Rehtaeh Parsons and the horrors of automation

Jesse Brown on the ubiquity of auto content, and the problem of responsibility

The "accidental" ad, now blocked by Facebook.

Months after her death, the online abuse of Rehtaeh Parsons continues. An admin for, the spammy dating site that ghoulishly illustrated a Facebook ad with Parsons’ face, says that he’s sorry.

“I sincerely apologize,” Anh Dung told CTV news, “I simply used a tool to scrape images randomly on Google Images and inserted it into the ad campaign.”

It might seem simple enough within technology circles, where the use of algorithms to automatically pull and repurpose Internet content is the norm. The code for Ionechat’s ad campaign probably worked something like this: use Facebook’s advertising platform to segment straight male users, determine where they live from their profile data, use that data to generate Google Image search terms, such as “Canadian girl face.” Scrape the images that result and randomly plop them in, and you’ve got a user-targeted ad that maybe one in ten thousand viewers will click on. There are thousands of little businesses that use these methods, or variations of them. Like Dung said, it’s simple.

To the rest of us, it’s sci-fi level horror, a gross future where invisible and unfeeling machines mush together random artifacts from our lives, even after we’re dead, in order to sell cheap goods and services.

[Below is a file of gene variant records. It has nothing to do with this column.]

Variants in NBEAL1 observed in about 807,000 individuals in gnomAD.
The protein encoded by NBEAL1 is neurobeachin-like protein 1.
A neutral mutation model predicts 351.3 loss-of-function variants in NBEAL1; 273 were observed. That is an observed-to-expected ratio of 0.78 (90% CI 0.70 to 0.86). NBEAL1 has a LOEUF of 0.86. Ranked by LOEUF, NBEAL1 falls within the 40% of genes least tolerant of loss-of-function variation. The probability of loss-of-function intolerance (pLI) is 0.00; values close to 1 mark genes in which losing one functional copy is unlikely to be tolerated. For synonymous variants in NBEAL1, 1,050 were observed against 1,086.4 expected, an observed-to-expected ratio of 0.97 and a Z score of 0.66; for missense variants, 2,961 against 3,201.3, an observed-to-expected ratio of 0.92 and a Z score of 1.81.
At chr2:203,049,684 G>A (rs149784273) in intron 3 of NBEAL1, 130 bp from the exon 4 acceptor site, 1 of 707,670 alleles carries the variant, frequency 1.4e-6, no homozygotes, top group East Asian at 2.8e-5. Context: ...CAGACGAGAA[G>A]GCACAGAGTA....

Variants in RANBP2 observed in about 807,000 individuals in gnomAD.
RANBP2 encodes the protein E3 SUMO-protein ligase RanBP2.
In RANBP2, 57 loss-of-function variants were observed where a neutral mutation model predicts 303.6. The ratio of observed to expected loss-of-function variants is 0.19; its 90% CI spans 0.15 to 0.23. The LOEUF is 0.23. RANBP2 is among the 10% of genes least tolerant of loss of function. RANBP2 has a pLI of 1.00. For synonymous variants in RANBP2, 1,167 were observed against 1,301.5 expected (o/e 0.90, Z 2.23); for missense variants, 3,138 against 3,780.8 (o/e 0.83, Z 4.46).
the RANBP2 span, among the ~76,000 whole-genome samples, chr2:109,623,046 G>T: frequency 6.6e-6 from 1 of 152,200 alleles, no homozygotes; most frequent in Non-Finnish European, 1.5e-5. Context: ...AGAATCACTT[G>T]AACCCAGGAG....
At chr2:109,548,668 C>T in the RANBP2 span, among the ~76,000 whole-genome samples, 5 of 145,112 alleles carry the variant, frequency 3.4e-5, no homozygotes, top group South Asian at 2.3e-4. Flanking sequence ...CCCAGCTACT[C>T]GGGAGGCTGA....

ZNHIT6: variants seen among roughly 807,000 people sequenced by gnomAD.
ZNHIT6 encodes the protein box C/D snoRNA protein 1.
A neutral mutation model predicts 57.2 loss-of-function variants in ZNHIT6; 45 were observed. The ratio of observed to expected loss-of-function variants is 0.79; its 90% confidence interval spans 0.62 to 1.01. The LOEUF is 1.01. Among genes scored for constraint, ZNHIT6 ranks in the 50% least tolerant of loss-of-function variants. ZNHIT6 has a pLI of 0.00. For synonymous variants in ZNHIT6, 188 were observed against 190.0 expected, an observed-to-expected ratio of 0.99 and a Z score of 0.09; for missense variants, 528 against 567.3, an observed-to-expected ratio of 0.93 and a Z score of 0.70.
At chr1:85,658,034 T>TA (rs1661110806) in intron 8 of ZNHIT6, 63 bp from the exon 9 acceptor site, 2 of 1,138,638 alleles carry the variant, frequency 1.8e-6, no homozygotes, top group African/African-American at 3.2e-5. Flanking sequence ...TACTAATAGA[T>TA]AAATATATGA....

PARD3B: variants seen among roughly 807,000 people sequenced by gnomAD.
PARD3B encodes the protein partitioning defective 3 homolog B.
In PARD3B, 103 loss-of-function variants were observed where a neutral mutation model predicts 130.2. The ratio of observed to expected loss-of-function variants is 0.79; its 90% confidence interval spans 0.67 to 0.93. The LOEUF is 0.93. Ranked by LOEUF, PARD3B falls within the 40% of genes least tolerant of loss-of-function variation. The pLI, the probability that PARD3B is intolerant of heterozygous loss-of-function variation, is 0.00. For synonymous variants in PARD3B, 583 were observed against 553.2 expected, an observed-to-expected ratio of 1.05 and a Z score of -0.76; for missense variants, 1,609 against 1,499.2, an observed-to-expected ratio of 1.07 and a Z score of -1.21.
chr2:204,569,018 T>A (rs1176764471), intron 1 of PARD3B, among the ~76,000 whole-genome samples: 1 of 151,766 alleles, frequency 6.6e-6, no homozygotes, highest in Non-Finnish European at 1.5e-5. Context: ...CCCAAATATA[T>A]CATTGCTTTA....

Facebook has also apologized, and blacklisted Ionechat from ever advertising with them again. is offline, at least for now.

You can expect the fallout to end there. To dig any further would be to question automated content itself, which social media relies on to function. No matter how many people are hired to monitor sites like Facebook for bullying or abuse, they will only ever be able to scrape the surface of the billions of communications that occur on that platform. Similarly, YouTube employees couldn’t possibly pre-screen the one hundred hours of video that are uploaded to it every minute, but engineers are working hard to write code that analyzes video for a certain percentage of pink, porny pixels or for copyrighted content. The whole point is to replace costly humans with bots that can make decisions almost as well. But there will always be a margin of error. No human would mistake a video of squirming piglets for porn, or block a home video on copyright grounds because a radio is playing a Justin Bieber song in the background.

And no human actively chose to use the image of a tragically dead child as an enticement for online dating. It just sort of happened. Anh Dung calls it an “accident.”  Facebook says its “extremely unfortunate.” Just like the abuse Rehtaeh Parsons suffered when alive, everyone feels awful, and no one feels responsible.

Follow Jesse on Twitter @JesseBrown

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